Wednesday, 10 October 2012

U.S. Bank Credit hits new All-Time High, Excess Reserves decline

The Bank Credit of All Commercial Banks in the U.S. hit USD 9.81963 trillion for the period ending 26 September 2012 according to recent data from the Federal Reserve Bank of St. Louis. This was the highest figure ever reported. Compared to last year (4 week moving average basis) the growth rates for the past three weeks have been above 5.9%. At the same time Excess Reserves of Depository Institutions fell to the lowest level since March 2011 while M2 Money Supply also hit a new all-time high.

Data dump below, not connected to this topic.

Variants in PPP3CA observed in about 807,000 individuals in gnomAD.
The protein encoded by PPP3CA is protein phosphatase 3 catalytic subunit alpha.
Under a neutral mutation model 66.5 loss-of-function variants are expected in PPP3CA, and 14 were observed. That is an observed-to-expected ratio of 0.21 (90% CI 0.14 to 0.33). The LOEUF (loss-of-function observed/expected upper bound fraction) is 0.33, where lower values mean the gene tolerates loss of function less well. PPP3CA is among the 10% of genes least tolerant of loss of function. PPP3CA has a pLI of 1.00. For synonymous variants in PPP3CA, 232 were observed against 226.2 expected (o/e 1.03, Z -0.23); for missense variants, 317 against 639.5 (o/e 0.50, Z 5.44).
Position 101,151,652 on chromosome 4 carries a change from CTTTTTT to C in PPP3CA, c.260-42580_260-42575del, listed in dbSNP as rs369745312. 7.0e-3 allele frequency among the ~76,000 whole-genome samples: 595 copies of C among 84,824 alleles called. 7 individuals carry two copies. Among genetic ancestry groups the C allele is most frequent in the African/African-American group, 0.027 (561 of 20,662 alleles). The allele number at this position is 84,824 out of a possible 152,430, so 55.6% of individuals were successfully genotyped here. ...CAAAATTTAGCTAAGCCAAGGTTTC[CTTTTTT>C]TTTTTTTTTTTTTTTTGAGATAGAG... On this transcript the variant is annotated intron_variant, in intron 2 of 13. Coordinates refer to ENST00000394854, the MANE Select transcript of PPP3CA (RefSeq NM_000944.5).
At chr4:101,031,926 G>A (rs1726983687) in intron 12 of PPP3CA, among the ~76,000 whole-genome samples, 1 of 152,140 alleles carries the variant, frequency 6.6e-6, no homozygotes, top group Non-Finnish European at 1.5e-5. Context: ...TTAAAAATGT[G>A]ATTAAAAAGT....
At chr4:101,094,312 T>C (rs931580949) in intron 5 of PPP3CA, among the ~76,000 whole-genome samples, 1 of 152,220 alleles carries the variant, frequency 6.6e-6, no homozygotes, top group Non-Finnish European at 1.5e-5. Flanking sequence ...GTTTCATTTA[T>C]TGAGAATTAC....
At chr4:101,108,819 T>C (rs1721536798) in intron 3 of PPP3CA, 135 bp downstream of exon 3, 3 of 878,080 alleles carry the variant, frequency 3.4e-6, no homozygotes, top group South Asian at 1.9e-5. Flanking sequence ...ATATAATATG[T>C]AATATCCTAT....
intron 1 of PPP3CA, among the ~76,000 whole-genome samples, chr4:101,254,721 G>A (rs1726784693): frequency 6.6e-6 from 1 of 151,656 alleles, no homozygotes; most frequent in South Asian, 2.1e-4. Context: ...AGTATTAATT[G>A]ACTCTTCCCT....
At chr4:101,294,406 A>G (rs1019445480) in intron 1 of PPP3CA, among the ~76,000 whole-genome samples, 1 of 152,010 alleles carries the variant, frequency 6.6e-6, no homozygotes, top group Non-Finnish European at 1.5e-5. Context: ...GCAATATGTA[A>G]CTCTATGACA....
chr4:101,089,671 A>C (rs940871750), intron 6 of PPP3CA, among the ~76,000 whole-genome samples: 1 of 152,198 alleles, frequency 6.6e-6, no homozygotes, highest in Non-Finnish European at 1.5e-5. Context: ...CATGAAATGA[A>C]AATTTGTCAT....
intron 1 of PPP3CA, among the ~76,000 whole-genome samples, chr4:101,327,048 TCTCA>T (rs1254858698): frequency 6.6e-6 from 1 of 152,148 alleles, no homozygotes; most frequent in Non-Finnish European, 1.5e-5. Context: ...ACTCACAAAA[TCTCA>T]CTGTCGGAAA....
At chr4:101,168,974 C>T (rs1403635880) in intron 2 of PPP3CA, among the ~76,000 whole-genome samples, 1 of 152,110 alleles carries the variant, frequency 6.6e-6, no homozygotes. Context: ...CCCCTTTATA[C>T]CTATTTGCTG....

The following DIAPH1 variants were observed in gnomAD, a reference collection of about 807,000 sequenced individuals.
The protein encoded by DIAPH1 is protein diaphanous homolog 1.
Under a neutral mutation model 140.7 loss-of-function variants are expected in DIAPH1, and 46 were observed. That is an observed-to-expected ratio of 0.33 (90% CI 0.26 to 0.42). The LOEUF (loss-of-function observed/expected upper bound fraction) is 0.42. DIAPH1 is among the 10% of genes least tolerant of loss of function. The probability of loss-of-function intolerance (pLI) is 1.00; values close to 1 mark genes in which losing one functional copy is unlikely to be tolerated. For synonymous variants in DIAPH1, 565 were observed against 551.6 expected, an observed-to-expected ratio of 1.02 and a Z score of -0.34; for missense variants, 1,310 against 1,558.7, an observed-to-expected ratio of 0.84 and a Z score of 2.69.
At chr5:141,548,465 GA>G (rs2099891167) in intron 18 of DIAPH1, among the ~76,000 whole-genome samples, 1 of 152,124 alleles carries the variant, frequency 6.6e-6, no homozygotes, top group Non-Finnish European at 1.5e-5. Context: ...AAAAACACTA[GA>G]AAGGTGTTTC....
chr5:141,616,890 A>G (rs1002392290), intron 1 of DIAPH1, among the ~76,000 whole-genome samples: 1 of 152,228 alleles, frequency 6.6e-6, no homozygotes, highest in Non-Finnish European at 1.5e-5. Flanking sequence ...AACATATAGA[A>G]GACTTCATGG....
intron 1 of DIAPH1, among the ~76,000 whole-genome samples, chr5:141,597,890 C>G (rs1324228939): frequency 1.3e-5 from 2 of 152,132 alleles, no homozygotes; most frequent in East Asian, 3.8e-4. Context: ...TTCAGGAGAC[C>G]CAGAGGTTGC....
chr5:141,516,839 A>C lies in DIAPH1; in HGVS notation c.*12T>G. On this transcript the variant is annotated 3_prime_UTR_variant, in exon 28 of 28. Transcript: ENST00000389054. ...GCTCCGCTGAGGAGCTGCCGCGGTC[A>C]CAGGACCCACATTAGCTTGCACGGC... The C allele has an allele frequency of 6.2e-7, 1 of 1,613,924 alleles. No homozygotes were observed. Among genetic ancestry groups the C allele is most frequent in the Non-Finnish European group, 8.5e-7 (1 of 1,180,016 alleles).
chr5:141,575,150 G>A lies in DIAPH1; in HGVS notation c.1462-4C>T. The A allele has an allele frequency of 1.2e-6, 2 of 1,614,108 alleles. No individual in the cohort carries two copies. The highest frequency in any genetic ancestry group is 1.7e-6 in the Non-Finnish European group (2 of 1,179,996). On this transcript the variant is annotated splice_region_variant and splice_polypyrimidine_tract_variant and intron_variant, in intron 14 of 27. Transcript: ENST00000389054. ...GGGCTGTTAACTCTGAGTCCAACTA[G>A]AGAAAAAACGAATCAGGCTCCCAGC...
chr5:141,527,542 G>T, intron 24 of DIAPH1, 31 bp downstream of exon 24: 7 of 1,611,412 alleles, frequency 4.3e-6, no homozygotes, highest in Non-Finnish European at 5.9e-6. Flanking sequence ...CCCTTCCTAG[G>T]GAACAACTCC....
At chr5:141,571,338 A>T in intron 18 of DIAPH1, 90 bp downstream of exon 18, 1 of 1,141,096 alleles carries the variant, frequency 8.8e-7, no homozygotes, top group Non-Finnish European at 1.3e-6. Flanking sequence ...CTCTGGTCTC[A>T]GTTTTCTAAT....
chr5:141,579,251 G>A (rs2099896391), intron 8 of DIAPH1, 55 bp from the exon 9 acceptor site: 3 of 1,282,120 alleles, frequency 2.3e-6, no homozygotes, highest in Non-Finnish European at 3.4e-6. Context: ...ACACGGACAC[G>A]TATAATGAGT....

Credit expansion indeed. Combined with a low personal savings rate, high personal consumption, poor manufacturing numbers, net export figures deep in the red and the Fed funds rate remaining at record lows, this do not smell like a recipe for sustainable improvements for the U.S. economy. Actually, it's just more of what got the U.S. economy into financial problems in the first place (in addition to wars, excessive government spending and corporate bailouts of course) and a reason as to why employment figures and the economy have not recovered quicker. Remember to go bubble-watching on a regular basis (in addition to keeping an eye on the U.S. government bond bubble).

 
 
 

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